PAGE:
Philly students take steps to demand action on gun violence

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Around 250 young people stood on the steps of the Philadelphia Museum of Art Monday to show solidarity and continue demanding that politicians take action in changing gun policies. Many held signs bearing names and pictures of lost loved ones, while some shared their experiences of loss.

Journalist Helen Ubinas, who organized the event for a third year in a row, said she wants to focus attention on gun violence in Philadelphia. At some point, she hopes to let the youth take over so their voices can be heard.

“We should all be very inspired by what Philadelphia students are doing and what they’re thinking,” said Ubinas, a columnist for the Philadelphia Inquirer and Daily News. “In many ways, we have the leaders we’re seeing in Florida right here in Philadelphia.”

Niyaa Dupree, 16, a student at Building 21, said Monday politicians value guns more than black lives.

“We get shot every day,” she said. “There’s no laws. There’s nothing being done about us being killed every day in the streets. When the day comes that I am as important as a gun, then that’s the day that I’ll be happy.”

Ciani Newkirk, 15, a student at Parkway Center City Middle College, said she knows a lot of people who’ve lost someone. And she lost a cousin in 2010.

Lawmakers should visit the city for a better understanding of the issue, she suggested.

“Maybe they should visit a neighborhood in Philadelphia or walk down the streets and see what it’s like to spend a day in Philadelphia,” she said. “Maybe they’ll see what we’re talking about, and they won’t think that it’s something that happens just because.”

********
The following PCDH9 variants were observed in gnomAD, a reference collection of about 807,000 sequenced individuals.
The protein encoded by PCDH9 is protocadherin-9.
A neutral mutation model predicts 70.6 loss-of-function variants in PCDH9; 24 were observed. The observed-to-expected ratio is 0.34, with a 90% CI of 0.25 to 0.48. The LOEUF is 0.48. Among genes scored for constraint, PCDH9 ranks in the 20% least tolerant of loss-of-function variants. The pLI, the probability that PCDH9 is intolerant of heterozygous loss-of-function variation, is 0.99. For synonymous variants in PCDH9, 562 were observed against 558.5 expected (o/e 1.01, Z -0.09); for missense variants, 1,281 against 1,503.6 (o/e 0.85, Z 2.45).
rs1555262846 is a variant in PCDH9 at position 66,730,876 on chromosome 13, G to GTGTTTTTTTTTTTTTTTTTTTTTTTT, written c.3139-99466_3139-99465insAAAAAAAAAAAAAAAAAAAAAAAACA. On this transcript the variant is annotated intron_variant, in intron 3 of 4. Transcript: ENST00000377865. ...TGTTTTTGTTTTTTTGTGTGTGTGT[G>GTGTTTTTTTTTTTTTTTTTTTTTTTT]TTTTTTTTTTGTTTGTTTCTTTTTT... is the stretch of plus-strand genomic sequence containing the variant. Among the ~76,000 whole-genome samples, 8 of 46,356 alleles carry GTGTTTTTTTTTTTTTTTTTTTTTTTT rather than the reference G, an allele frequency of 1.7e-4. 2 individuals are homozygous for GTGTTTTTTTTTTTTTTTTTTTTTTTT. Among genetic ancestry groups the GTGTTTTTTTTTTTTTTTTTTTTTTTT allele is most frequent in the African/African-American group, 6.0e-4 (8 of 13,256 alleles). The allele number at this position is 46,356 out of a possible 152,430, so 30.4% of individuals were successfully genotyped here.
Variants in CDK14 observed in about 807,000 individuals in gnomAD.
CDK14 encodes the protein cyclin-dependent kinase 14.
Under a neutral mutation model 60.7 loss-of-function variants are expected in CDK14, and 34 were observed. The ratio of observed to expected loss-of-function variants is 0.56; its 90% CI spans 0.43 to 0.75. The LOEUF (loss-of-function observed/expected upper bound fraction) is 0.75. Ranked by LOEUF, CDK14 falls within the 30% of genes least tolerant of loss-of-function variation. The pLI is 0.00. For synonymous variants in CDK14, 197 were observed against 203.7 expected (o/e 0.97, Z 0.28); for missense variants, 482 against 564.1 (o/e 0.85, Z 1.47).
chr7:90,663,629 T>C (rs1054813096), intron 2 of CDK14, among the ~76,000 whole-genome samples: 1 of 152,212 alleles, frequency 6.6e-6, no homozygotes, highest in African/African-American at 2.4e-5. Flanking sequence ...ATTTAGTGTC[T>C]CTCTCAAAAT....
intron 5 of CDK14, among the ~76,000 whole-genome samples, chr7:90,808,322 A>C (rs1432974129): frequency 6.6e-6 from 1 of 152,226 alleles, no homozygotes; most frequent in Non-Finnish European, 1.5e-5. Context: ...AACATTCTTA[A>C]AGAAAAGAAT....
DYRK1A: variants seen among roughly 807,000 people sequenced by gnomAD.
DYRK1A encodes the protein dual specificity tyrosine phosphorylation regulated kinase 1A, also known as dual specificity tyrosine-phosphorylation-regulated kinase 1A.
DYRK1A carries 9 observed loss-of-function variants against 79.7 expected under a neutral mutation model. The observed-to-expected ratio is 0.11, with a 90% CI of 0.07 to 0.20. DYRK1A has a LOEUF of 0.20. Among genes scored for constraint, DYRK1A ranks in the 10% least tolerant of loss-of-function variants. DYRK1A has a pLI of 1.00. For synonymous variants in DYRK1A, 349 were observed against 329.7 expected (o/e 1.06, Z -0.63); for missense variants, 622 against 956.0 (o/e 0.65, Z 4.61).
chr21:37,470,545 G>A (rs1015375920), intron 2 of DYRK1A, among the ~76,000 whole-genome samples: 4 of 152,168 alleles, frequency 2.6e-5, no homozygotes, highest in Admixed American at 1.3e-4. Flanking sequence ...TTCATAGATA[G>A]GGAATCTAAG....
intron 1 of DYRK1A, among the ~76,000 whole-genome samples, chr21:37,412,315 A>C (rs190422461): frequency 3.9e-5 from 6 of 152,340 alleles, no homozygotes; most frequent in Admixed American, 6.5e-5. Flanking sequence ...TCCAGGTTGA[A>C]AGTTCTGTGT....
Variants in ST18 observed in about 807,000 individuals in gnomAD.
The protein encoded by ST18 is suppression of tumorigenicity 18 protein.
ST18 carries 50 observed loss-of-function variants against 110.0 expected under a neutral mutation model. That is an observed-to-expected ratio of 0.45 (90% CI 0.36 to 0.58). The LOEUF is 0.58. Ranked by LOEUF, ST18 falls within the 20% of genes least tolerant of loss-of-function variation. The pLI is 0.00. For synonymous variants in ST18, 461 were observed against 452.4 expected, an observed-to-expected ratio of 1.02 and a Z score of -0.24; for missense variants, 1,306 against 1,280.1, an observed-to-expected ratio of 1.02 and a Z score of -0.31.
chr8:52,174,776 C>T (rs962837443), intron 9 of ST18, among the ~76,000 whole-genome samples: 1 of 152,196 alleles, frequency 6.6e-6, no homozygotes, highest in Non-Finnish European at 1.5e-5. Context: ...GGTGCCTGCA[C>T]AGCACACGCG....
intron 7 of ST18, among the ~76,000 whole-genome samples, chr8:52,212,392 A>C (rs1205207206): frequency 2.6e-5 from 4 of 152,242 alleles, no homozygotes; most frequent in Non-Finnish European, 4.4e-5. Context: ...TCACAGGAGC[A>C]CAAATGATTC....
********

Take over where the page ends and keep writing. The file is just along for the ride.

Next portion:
Mayor Jim Kenney and City Councilwoman Helen Gym also made appearances to show support.

The city is doing its best to address the problem, Kenney said, but state and federal lawmakers are making it difficult to reduce access to illegal guns.

The Giffords Law Center’s annual gun law scorecard gave Pennsylvania a C for its gun laws.

The grade would be higher, according to the report, if the state required background checks on private sales of long guns; allowed local governments to regulate firearms; and required owners to report lost or stolen firearms.

Furthermore, Pennsylvania doesn’t require gun owners to have a license.

More than 520 people have been shot in the city this year, according to recent estimates. Last year at this time, the toll was 490.

“We’re doing our best under terrible circumstances, created by a state government and a state Legislature that’s in love with guns and a president that worships the Second Amendment more than the First,” Kenney said.

Gym said there must be more opportunities for “people’s voices to be amplified.”

“A legislation that opposes common-sense gun laws is in complete opposition to the will of the people,” said Gym. “The majority of people support common-sense gun laws. And that is what forums like this are really helping us prove.”

A recent poll by Franklin and Marshall College found that a majority of registered voters in Pennsylvania support stricter gun laws, but that has yet to translate into significant legislation.

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